Hunting for Hidden Treasures: Chemistry Text Mining in Patents and Other Documents

Normally, when talking about patent analytics, if text mining is being discussed it’s being used in conjunction with the practice of organizing, or discovering insights within text-related data. In particular, it’s normally associated with spatial concept mapping, or the identification of relationships between collections of text-based information.

But text mining isn’t just about document clustering, and looking for similarities between concepts, it also refers to entity identification, and extraction. During this process raw text data is scrutinized for specific terms, term fragments, and concepts which, when recognized can be tagged, extracted, and further analyzed. This aspect of text mining, and how it can be applied to chemistry, and chemical patents was the subject of a symposium during the 248th American Chemical Society (ACS) Meeting held recently in San Francisco.

This symposium, organized by David Deng from ChemAxon looked at recent advancements in the field, and provided details on how this discipline has grown, and expanded over the past few years. ChemAxon has graciously created a website where the abstracts, and in most cases the slides from the presentations can be reviewed. Those readers who are interested in chemical patent information are certain to find a number of interesting topics discussed within this collection of talks. The title, and authors of each of the talks are provided. Clicking on the title will transfer the reader to a page on the ChemAxon website where they can read the abstract, and in most cases download the presentation slides.

When your language is science: Abstracting, classifying, and indexing patents in the Derwent World Patents Index

Don Walter (Thomson Reuters)

Chemistry and reactions from non-US patents

Daniel M. Lowe (NextMove Software)

Document-to-Structure to be trilingual: Extract, display, and search chemical information within English, Chinese, and Japanese patents

David Deng (ChemAxon)

Chemically aware text mining platform

Andrew Hinton, David Milward (Linguamatics)

CHEMDNER task: Automatic recognition of chemical entities in text

Julen Oyarzabal (Spanish National Cancer Research Centre (CNIO), University of Navarra)

Structuring the unstructured: Creating knowledge through visual analytics and the use of Tibco Spotfire with Attivio for text analytics of scientific patents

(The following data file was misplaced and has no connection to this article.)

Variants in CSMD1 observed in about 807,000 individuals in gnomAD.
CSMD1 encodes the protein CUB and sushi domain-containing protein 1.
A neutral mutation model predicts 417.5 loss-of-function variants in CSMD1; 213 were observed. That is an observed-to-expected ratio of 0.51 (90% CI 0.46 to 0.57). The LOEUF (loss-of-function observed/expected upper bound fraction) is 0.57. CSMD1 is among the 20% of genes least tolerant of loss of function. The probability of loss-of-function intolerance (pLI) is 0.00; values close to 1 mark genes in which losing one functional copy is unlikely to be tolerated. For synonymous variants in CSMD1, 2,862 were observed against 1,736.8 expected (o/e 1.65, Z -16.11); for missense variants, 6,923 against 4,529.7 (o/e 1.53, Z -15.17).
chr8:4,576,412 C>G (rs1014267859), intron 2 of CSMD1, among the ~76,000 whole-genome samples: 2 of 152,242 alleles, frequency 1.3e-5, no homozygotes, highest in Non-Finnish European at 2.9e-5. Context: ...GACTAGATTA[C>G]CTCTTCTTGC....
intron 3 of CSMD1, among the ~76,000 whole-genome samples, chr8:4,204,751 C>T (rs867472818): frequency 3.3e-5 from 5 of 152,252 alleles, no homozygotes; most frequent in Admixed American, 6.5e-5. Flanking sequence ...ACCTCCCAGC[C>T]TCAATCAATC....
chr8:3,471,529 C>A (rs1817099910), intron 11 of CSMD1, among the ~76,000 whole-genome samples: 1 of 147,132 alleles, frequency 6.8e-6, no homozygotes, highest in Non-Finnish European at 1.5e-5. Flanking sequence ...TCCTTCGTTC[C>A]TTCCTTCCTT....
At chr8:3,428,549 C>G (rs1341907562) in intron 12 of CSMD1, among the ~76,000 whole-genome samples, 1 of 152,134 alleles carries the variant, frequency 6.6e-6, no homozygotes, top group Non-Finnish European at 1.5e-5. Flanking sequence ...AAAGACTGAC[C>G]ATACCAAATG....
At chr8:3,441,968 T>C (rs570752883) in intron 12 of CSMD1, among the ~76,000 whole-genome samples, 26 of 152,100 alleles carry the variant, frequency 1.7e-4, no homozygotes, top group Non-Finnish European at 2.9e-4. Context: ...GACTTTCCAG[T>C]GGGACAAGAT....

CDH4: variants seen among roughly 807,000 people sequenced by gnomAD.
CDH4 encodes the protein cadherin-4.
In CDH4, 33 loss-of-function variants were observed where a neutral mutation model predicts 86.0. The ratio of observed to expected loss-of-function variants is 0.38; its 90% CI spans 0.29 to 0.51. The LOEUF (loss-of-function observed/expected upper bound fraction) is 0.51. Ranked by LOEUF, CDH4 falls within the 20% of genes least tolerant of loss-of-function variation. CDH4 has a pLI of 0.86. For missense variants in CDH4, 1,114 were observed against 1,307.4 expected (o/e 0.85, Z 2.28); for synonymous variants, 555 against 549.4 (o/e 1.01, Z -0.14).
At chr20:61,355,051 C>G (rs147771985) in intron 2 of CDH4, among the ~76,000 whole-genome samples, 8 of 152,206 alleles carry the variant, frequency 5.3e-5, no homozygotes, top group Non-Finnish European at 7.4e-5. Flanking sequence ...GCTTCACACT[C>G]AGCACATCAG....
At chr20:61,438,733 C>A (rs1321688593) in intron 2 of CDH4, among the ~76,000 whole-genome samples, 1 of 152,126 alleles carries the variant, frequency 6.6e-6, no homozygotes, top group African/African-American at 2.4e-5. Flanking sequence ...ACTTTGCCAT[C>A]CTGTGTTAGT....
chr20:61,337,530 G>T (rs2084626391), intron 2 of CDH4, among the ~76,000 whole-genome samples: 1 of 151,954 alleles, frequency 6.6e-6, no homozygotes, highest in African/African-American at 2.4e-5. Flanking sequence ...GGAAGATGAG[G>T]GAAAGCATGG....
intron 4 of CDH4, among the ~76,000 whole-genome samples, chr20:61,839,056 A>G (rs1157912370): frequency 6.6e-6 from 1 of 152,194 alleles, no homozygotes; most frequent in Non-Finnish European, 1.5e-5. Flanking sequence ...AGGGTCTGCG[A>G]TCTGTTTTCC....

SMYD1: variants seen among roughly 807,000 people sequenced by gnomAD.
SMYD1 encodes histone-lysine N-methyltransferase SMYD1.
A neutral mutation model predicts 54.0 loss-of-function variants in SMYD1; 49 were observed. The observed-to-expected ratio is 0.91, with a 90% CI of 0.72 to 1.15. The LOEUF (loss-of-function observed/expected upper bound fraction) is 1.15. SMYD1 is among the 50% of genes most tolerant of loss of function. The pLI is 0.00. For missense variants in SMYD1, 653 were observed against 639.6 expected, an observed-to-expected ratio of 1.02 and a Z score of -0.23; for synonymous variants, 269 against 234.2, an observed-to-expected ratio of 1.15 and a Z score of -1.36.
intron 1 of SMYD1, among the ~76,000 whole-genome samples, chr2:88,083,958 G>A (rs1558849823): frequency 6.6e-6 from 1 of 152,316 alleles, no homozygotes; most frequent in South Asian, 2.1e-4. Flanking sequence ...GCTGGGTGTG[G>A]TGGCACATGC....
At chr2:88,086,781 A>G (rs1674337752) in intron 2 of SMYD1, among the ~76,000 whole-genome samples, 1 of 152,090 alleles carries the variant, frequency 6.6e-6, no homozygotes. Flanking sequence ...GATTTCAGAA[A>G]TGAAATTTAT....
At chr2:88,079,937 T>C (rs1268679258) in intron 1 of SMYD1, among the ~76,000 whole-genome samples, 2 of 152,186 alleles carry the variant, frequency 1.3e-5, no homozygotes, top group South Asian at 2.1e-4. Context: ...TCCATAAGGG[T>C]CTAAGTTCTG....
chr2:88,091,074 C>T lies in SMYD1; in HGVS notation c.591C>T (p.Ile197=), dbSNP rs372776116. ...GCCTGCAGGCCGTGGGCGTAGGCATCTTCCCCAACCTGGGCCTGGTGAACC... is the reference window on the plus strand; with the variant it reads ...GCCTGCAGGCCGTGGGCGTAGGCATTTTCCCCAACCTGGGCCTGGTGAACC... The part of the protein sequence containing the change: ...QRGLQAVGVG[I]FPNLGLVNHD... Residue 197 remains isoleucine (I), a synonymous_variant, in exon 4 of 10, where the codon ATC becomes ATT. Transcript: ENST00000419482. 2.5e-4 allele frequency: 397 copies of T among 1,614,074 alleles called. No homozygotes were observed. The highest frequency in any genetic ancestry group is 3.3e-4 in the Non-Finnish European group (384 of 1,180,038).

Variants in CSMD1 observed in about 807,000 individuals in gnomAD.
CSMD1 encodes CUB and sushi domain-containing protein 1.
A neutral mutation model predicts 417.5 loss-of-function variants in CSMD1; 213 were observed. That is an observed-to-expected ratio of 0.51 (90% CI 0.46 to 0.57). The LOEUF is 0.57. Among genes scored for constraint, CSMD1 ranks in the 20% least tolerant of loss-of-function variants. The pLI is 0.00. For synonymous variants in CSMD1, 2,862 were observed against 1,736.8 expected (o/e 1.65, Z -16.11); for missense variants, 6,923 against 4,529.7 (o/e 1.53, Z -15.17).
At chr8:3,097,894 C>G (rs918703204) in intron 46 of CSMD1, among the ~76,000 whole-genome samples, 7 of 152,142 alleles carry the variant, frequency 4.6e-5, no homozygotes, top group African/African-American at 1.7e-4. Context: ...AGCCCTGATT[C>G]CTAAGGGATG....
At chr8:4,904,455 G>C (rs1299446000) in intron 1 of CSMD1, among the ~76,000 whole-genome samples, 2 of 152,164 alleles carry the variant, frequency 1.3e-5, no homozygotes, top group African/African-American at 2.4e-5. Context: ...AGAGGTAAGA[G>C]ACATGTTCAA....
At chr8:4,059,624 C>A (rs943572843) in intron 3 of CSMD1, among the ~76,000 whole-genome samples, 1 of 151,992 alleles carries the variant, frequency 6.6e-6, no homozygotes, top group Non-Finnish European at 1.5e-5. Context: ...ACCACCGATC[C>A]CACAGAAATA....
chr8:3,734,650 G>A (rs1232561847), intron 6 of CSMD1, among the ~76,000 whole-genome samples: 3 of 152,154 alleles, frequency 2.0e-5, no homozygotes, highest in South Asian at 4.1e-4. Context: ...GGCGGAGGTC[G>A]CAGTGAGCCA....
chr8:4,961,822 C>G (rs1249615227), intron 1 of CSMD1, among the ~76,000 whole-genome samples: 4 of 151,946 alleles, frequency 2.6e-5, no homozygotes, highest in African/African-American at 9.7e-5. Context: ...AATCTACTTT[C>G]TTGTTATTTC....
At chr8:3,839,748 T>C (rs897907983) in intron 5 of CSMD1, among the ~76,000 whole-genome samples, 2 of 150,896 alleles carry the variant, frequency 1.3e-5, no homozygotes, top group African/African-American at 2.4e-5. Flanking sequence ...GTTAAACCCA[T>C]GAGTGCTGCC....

Joshua A. Bishop, Philip J. Skinner (PerkinElmer Informatics)

Recent enhancements in the accuracy of CLiDE tool for extracting chemical structure data from patents and other documents

Anikó T. Valkó (Keymodule, University of Leeds)

Structure Clipper: An interactive tool for extracting chemical structures from patents

Christopher Kibbey (Pfizer)

Computer-assisted Markush structures curation from patent documents

David Deng (ChemAxon)

Use of reverse text-mining to establish whether indexing and classification of chemical patents is still necessary

Robert A Stembridge (Thomson Reuters)

Extraction of chemical reactions from full text documents: From n-tuples of value attribute pairs toward the automated construction of reaction databases

Lutz Weber (OntoChem)

ChemInfoCloud: Opensource based Cloud compatible chemical textmining tools for harvesting largescale medical literature

Muthukumarasamy Karthikeyan (CSIR-Indian National Chemical Laboratory)

Knowledge mining by structure search

Jinbo Lee (Scilligence)

Toward extracting analytical science metrics from the RSC archives

Stuart Chalk (Royal Society of Chemistry, University of North Florida)

SureChEMBL: An open system for exploration of patent chemistry space

Michal M. Nowotka (European Bioinformatics Institute)

Computer analysis of the scientific literature

Meena Nagarajan (IBM Research)

Using the BRAIN, biorelations and intelligence network, for knowledge discovery

Albert Mons (Euretos)

There are a number of very interesting looking talks here, and for those of us who are interested in this topic, but were unable to make it out to San Francisco, having access to these pages is almost as good as having been able to attend in person.

Comments 2

    1. Hello AJ,

      Agreed, but I’m told that a number of the talks will end up on the ACS Presentations on Demand site, so we may be able to see some of them from there.


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